Taken from the real-world economics review, issues no.47
What is in the number? The importance of LIBOR
The first paragraph (see above), on page 242 caught my attention: LIFFE (London International Financial Futures Exchange), whose contracts are historically linked to LIBOR, experienced volatile moves in the Sterling overnight market. This was primarily in two things called EONIA and SONIA (we are likely to hear more of this during the inquiry).
I’m currently looking for news sources, to see if this was public knowledge, but the Bank of England put ‘pressure’ to bring some normality in the market. The volatile and ‘unruly’ moves were influenced by the positions of big banks. Please not, this occurred before the reputed direct manipulation of the LIBOR rate itself.
It begs the question: why did the BoE reforms fail and big banks were able to influence the overall LIBOR rate a year later?
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Two questions need to be asked: who knew what and when? During the credit crunch of 2008, there was a concentrated effort to get interest rates down – which was the right thing to do. If banks are not lending to each other then money dries up in the wider economy; Baroness Vadera prepared a paper with former colleagues at the bank UBS headed ‘Reducing Libor’, which was shared with senior figures within the last Labour government. The previous administration was concerned about the eye-watering interest rates of Barclays, RBS and HBOS.
As Alistair Darling noted in his post-crash analysis, the Bank of England and Treasury thought RBS was a matter of hours away from collapsing. Fear was running high through the Treasury and the Bank of England with senior figures honestly believing the economy was on the verge of collapse.
We need to know one fundamental fact: who, and how, authorised the plan to bring down the Libor rate? of course, I’m not suggesting the previous government openly told the City to manipulate the rate, but the wider plan to stabilise the financial sector has been exploited by some. Labour refusing to participate in Parliamentary inquiry is politically foolish – it stupidly portrays guilt and secrecy. No one is claiming the Treasury helped manipulate rates or Ed Balls attitude to little regulation, as City Minister, helped create the air of corruption. Failing to cooperate, however, creates the environment for conspiracy theories.
And that’s why I am more concerned about the other clandestine institution, the Bank of England. In the eye of the storm, in 2008, the BoE had a very close relationship with the financial sector and secured emergency loans to several institutions. I can slightly understand the naivety of politicians, but not central bankers. If Mervyn King was genuinely blind to the activities of the City then we need a new Governor of the Bank of England; it would be dangerous to have such an incompetent figure overseeing one of the most influential central banks in the world.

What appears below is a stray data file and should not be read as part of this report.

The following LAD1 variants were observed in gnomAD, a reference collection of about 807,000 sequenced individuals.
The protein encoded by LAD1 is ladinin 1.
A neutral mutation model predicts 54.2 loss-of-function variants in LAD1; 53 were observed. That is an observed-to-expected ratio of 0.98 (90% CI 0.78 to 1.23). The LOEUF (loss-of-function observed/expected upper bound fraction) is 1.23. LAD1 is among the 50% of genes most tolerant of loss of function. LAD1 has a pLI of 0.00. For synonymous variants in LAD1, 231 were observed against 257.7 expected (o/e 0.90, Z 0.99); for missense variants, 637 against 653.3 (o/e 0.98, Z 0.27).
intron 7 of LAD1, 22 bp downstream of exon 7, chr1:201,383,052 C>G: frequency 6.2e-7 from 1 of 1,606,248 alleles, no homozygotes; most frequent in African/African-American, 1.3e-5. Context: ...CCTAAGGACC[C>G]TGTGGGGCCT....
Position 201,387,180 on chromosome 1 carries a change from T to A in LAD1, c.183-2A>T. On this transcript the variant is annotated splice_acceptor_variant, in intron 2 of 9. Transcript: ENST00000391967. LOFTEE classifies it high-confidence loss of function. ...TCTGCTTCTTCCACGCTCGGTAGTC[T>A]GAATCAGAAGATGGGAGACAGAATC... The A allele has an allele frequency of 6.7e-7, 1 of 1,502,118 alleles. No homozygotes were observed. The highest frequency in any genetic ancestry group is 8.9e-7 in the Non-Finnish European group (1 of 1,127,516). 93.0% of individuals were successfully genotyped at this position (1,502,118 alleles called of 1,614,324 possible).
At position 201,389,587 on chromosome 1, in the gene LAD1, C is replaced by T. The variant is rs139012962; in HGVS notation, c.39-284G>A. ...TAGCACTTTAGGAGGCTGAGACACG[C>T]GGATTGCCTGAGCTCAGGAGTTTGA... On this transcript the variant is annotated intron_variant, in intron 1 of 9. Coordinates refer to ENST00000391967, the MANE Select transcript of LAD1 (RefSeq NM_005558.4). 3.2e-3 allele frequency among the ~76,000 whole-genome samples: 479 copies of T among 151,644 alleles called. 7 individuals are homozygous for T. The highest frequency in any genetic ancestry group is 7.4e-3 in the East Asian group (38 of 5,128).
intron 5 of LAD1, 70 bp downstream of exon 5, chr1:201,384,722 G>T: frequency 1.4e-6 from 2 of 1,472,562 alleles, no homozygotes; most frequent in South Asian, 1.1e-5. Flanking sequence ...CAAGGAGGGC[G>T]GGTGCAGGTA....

There is a reason why conspiracy theories are very fertile around the Bank of England.….
I’m not going to speculate on who knew what and when, it would be incredibly facetious and the political equivalent of Cluedo. The inquiry should not be about saving face, but an exercise in finding the truth.
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An anonymous insider has written for the Telegraph, explaining how they altered the LIBOR rate. This is Earth shattering and should be read by everyone:
What the trader told us was that the bank could not be seen to be borrowing at high rates, so we were putting in low Libor submissions, the same as everyone. How could we do that? Easy. The British Bankers’ Association, which compiled Libor, asked for a rate submission but there were no checks. The trader said there was a general acceptance that you lowered the price a few basis points each day.
The answer was fire-fighting. Helping the corporate bank with clients – predominantly explaining why the customer’s loan was being moved from base rate to Libor and why their interest margin was increasing sharply. It wasn’t easy for the corporate bankers. They were under orders from the credit committee, and powers at the top, to change a client’s borrowing rate to Libor and increase the margin if any covenant was breached, no matter how small.
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